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|by Lynn Yarris|
HHMI Funds Superbend Beamlines at Advanced Light Source
"The Hughes Institute is pleased to be teaming up with the Lawrence Berkeley National Laboratory," said HHMI president Thomas R. Cech. "The need for more such state-of-the-art facilities is growing because of the unsurpassed power of x-ray crystallography. The detailed 3-D views of biomedically important molecules that this technique yields provide a powerful framework for understanding how molecules function and interact." Said Berkeley Lab director Charles Shank, "this is the single largest investment in the ALS ever made by an organization outside of DOE. It reflects the growing importance of x-ray crystallography as a critical tool for the biomedical research community and recognizes the success and promise of the ALS in identifying and characterizing proteins."
As the Human Genome Project approaches completion, the next big steps are to identify the proteins that human DNA codes for and find out what those proteins do. The key to understanding a protein's function is to determine its three-dimensional structure, and x-ray crystallography -using a synchrotron light source like the ALS-is one of the main techniques for accomplishing this. In x-ray crystallography, a beam of x-rays sent through a protein crystal creates a set of diffraction patterns that can be translated by a computer into 3-D images with atomic-scale resolution.
The ALS houses one of the top experimental facilities in the world for determining protein crystal structures -the Macromolecular Crystallography Facility. Under the leadership of biophysicist and crystallographer Thomas Earnest of the Physical Biosciences Division (PBD), the MCF offers three separate beamlines powered by a multipole "wiggler," a magnetic device that can provide x-rays as high in energy as 14,000 electron volts (14 keV).
The new "superbends," scheduled for installation in 2001, will be superconducting magnets that steer the path of an accelerated beam of electrons around sharper turns than the conventional bend magnets now deployed. The tighter curvature of the bends will cause the electrons to emit hard x-rays as opposed to the lower energy "soft x-rays" extracted from current ALS bend magnets. It is anticipated that the superbends will yield x-rays as high as 50 keV in energy.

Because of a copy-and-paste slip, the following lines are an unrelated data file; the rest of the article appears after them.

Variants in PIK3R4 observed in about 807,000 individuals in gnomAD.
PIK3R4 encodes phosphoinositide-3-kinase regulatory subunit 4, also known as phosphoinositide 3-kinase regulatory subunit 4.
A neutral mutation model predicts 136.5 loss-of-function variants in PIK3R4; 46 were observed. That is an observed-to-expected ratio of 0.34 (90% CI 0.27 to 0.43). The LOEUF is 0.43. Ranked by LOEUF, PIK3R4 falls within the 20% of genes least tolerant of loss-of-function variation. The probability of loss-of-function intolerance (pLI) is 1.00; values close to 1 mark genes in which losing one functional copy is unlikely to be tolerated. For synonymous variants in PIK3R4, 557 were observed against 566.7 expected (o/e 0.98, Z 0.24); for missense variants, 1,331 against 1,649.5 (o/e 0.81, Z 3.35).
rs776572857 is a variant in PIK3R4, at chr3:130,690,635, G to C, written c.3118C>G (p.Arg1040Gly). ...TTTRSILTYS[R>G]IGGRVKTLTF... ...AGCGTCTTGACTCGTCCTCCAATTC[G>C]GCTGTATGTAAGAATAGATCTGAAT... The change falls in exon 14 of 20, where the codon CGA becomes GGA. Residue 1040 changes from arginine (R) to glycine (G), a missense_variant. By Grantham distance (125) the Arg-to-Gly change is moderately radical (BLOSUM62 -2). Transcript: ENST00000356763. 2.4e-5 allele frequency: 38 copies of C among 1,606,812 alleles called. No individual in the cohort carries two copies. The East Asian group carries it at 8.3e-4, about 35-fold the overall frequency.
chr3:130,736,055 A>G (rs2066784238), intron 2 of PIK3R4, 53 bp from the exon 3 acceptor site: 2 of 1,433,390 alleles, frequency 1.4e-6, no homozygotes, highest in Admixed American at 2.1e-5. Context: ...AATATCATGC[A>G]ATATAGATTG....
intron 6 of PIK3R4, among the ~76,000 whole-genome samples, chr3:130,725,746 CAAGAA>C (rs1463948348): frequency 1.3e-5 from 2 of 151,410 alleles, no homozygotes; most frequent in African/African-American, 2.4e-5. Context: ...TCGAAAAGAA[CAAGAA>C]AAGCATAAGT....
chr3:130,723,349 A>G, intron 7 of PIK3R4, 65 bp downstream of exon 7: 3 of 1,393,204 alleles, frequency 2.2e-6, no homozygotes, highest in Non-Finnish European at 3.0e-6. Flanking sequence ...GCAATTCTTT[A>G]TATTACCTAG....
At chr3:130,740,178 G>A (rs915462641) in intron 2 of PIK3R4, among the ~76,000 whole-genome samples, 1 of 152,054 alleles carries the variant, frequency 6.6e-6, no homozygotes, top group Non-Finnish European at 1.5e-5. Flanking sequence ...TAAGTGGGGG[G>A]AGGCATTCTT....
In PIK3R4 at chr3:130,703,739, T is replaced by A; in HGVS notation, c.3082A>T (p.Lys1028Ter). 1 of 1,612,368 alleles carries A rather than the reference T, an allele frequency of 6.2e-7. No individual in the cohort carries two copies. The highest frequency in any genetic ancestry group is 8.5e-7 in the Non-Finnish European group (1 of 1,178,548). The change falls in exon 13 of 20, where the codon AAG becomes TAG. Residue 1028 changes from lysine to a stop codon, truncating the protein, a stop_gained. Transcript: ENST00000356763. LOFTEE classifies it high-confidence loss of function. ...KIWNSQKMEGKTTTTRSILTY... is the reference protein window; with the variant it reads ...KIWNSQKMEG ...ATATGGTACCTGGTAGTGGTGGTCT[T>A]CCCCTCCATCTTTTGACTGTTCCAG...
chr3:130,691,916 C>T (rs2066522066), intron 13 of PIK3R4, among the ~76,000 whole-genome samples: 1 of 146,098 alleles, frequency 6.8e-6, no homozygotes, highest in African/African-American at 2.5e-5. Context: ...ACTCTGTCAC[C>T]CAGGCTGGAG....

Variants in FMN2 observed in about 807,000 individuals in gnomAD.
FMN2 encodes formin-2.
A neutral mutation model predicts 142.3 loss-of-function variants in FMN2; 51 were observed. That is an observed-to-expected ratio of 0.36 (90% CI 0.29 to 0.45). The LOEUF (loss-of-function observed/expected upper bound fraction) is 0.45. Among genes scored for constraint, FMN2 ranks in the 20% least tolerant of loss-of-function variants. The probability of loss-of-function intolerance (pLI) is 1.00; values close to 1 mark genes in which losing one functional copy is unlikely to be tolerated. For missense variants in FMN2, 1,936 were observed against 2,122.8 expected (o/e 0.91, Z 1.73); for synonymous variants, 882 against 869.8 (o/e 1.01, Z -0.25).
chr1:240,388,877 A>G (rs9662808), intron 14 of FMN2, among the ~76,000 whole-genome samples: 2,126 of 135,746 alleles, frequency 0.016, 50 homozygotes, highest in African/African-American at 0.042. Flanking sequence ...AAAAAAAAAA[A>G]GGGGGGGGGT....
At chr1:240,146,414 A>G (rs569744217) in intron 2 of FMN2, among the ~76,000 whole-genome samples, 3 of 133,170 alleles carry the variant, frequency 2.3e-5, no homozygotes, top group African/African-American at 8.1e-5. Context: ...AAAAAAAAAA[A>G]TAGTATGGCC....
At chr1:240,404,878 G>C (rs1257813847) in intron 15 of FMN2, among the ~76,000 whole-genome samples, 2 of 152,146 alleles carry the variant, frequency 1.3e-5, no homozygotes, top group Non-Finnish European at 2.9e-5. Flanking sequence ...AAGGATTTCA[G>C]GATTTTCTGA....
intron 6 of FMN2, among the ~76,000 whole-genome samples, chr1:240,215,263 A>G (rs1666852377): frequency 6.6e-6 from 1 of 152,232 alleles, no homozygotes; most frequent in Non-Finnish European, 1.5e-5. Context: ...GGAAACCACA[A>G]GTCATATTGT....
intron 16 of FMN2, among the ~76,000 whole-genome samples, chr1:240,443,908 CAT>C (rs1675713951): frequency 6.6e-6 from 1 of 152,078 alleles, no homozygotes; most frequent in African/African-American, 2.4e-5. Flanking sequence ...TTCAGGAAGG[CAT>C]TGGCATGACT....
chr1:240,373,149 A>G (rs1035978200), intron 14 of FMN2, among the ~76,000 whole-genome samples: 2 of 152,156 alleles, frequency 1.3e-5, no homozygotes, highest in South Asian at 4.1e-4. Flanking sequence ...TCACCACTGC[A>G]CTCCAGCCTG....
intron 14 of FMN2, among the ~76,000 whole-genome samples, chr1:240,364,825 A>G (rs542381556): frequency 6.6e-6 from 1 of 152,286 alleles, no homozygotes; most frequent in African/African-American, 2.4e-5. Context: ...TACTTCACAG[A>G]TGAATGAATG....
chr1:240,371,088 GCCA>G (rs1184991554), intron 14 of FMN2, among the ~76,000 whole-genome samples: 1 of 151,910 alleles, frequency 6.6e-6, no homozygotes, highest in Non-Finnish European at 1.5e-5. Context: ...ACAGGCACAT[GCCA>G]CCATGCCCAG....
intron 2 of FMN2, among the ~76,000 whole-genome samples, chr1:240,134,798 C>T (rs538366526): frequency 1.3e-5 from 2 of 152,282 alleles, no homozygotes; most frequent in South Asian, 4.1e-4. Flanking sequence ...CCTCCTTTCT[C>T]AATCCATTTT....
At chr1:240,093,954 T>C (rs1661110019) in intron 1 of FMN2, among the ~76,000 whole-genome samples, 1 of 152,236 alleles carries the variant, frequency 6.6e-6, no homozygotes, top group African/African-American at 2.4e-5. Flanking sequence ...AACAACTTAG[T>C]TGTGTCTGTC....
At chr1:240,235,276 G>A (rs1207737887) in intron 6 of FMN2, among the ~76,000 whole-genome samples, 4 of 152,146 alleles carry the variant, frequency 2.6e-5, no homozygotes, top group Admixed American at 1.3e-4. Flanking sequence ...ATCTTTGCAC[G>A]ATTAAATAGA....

Demand for time on the MCF beamlines is so high now that barely 35 percent of all requests can be filled. With the continuing accumulation of new genetic data, this demand can only be expected to grow. The addition of these two new superbend beamlines to the complement of beamlines at the MCF will help.
"When these superbend beamlines are completed, HHMI researchers will have 75 percent of the available beamtime, but the remaining beamtime will be open to all qualified users," says Earnest.
HHMI, which was founded in 1953, is one of the world's largest philanthropies. It conducts biomedical research in its laboratories located across the United States at academic medical centers, universities and other scientific institutions. HHMI's investigators include many of the world's leaders in the fields of cell biology, genetics, immunology, neuroscience, and structural biology.
Headquartered just outside of Washington, D.C., HHMI also runs a grants program that supports science education at every level in the United States, as well as the research of selected biomedical scientists in other countries.
outstanding technical capabilities of the ALS and other Berkeley Lab facilities
will be of increasing value to biologists as the full impact of the Human
Genome Project becomes clear," says PBD director Graham Fleming. "The
partnership between HHMI and Berkeley Lab in the construction of the new
crystallography beamlines is a marvelous beginning in facilitating the
multidisciplinary interactions that will shape the biology of the 21st